Youth ministry is an open calling. There are plenty of jobs available in youth ministry today. A critical problem exists, however. These jobs are in the areas where there is funding to support a part-time or full-time youth worker. In many global, rural, and urban centers, where the need seems greatest, there is meagre or no money to pay for a youth leader. Here, valiant volunteers are working other jobs and longing for the training to meet the complex needs of kids and community.
Opportunities that exist include combination job descriptions-youth and family minister, youth and director of religious education or church youth minister and paraparochial outreach worker. It is a field open to women and men alike, in most cases, and to ethnic minorities where the need is great.
There are limited resources where youth work is most needed. In many rural, urban, and global corners of the world, those who are concerned about young people must serve voluntarily, supporting themselves by other means. It is very important that such volunteers network with other youth workers, seek special training sessions from volunteer resource persons, and provide themselves with the best professional and spiritual support available. Our Center for Youth Studies is dedicated to supporting such heroes.
Youth ministry calls for relational, communication, and organizational skills. It combines aspects of many other professions-social and recreational workers, teachers, counselors, evangelists, pastors, and more. The demands of those working with young people are broader because adolescents want a holistic relationship with an adult. Mistakes made with young people are obviously more dangerous and have longer-term results than those made with adults.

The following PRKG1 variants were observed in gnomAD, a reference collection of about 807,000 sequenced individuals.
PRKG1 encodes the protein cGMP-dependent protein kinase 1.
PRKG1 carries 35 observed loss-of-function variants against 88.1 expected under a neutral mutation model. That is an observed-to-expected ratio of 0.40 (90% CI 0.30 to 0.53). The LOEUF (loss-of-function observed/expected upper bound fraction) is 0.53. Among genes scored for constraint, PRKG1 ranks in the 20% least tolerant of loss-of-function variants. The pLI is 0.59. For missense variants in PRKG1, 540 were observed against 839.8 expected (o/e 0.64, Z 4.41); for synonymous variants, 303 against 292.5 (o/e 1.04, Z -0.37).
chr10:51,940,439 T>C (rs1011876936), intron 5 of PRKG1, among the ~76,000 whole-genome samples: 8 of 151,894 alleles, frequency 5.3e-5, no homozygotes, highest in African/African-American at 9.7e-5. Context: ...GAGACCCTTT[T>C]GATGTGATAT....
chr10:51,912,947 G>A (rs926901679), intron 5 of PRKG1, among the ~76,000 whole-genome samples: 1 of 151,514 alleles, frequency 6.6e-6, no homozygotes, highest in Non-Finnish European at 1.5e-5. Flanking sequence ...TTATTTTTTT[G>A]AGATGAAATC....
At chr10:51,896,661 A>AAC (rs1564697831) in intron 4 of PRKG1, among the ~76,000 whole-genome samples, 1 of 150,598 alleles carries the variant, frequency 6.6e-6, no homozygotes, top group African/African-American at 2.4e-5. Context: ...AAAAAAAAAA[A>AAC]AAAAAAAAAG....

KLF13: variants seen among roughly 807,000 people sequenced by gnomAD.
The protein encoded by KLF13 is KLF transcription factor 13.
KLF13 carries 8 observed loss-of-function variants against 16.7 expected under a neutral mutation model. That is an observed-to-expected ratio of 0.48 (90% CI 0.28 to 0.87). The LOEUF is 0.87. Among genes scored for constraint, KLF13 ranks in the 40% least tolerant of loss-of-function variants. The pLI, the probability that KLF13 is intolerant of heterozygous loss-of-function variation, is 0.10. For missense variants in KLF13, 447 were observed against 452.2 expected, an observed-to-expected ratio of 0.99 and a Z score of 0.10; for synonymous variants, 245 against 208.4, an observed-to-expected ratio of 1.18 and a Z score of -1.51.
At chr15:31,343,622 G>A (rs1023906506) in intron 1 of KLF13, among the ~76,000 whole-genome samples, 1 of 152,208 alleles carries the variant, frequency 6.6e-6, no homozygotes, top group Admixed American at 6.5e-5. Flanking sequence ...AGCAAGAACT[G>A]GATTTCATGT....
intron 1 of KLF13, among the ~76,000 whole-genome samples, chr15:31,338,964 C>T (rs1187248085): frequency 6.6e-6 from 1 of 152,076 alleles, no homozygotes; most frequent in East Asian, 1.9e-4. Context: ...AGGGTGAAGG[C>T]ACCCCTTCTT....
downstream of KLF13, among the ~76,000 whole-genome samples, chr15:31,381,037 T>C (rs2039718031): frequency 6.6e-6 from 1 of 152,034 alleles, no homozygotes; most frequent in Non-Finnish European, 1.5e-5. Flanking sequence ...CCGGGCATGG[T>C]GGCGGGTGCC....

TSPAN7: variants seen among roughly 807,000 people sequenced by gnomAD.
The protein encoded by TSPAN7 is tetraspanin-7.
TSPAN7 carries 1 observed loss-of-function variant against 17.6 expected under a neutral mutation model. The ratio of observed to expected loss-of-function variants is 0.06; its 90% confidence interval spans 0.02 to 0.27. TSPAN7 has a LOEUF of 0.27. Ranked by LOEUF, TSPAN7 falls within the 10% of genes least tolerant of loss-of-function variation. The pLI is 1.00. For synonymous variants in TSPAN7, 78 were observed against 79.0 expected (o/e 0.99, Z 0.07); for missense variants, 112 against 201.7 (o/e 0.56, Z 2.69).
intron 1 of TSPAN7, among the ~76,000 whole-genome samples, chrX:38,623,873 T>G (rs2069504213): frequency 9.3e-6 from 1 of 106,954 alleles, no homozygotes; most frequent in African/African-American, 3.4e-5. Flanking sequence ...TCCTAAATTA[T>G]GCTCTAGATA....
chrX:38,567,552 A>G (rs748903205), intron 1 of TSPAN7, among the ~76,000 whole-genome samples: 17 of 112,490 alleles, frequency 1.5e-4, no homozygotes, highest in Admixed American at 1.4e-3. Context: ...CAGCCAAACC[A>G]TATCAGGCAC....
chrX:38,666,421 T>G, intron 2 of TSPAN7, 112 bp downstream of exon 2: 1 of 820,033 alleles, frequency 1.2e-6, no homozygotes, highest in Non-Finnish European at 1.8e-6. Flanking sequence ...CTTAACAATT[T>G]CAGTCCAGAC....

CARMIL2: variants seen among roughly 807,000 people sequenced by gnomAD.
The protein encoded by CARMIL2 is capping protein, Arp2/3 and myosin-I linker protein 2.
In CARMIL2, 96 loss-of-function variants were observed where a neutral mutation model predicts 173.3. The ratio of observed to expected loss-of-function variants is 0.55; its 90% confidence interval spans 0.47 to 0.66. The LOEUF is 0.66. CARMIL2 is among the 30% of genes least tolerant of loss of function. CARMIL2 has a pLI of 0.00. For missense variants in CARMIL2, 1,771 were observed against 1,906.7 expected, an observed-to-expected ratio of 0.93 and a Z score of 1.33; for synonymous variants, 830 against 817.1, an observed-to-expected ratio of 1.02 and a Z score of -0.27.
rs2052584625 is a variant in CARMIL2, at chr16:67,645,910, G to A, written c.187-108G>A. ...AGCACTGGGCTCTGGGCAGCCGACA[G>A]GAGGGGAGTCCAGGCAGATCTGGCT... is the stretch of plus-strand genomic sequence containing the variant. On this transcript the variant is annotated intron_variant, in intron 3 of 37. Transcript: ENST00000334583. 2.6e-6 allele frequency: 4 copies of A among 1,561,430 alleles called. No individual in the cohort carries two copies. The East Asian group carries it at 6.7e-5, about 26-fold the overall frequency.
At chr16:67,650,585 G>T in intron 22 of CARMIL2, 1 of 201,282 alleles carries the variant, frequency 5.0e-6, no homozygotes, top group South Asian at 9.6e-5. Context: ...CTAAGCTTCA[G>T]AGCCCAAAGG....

Not only is the task of the youth minister critical; his or her power and influence in the community can become high if consistent work with those in need is done over many years. Those who have good relations with both adults and youth in a community are few, but they are needed and especially appreciated. To save a son or daughter from serious hurt or to avert a community tragedy is to be honored and respected in the long run. The YouthWorkers” Encyclopedia is meant to be a practical tool for practitioners of youth ministry. We hope that it will raise the professionalism of youth ministry as well